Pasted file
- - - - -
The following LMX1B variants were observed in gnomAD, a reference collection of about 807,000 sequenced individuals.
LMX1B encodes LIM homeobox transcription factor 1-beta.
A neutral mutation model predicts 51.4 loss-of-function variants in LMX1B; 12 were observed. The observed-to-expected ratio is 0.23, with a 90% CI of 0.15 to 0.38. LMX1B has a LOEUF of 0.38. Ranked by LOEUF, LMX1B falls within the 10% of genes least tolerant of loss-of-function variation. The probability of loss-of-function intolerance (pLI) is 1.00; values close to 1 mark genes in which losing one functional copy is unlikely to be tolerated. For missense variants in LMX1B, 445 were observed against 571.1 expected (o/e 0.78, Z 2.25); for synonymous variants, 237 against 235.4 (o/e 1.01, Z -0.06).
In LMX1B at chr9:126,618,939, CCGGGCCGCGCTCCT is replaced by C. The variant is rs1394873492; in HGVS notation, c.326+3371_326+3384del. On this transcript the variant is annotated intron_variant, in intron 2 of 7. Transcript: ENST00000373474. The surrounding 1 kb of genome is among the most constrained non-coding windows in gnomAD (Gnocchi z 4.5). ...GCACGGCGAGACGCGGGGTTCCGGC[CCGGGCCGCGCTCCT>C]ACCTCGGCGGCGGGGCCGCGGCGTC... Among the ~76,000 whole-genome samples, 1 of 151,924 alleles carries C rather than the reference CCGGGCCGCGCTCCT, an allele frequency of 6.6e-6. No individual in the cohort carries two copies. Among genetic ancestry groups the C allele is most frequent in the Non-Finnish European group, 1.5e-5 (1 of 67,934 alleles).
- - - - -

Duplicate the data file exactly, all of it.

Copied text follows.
The following LMX1B variants were observed in gnomAD, a reference collection of about 807,000 sequenced individuals.
LMX1B encodes LIM homeobox transcription factor 1-beta.
A neutral mutation model predicts 51.4 loss-of-function variants in LMX1B; 12 were observed. The observed-to-expected ratio is 0.23, with a 90% CI of 0.15 to 0.38. LMX1B has a LOEUF of 0.38. Ranked by LOEUF, LMX1B falls within the 10% of genes least tolerant of loss-of-function variation. The probability of loss-of-function intolerance (pLI) is 1.00; values close to 1 mark genes in which losing one functional copy is unlikely to be tolerated. For missense variants in LMX1B, 445 were observed against 571.1 expected (o/e 0.78, Z 2.25); for synonymous variants, 237 against 235.4 (o/e 1.01, Z -0.06).
In LMX1B at chr9:126,618,939, CCGGGCCGCGCTCCT is replaced by C. The variant is rs1394873492; in HGVS notation, c.326+3371_326+3384del. On this transcript the variant is annotated intron_variant, in intron 2 of 7. Transcript: ENST00000373474. The surrounding 1 kb of genome is among the most constrained non-coding windows in gnomAD (Gnocchi z 4.5). ...GCACGGCGAGACGCGGGGTTCCGGC[CCGGGCCGCGCTCCT>C]ACCTCGGCGGCGGGGCCGCGGCGTC... Among the ~76,000 whole-genome samples, 1 of 151,924 alleles carries C rather than the reference CCGGGCCGCGCTCCT, an allele frequency of 6.6e-6. No individual in the cohort carries two copies. Among genetic ancestry groups the C allele is most frequent in the Non-Finnish European group, 1.5e-5 (1 of 67,934 alleles).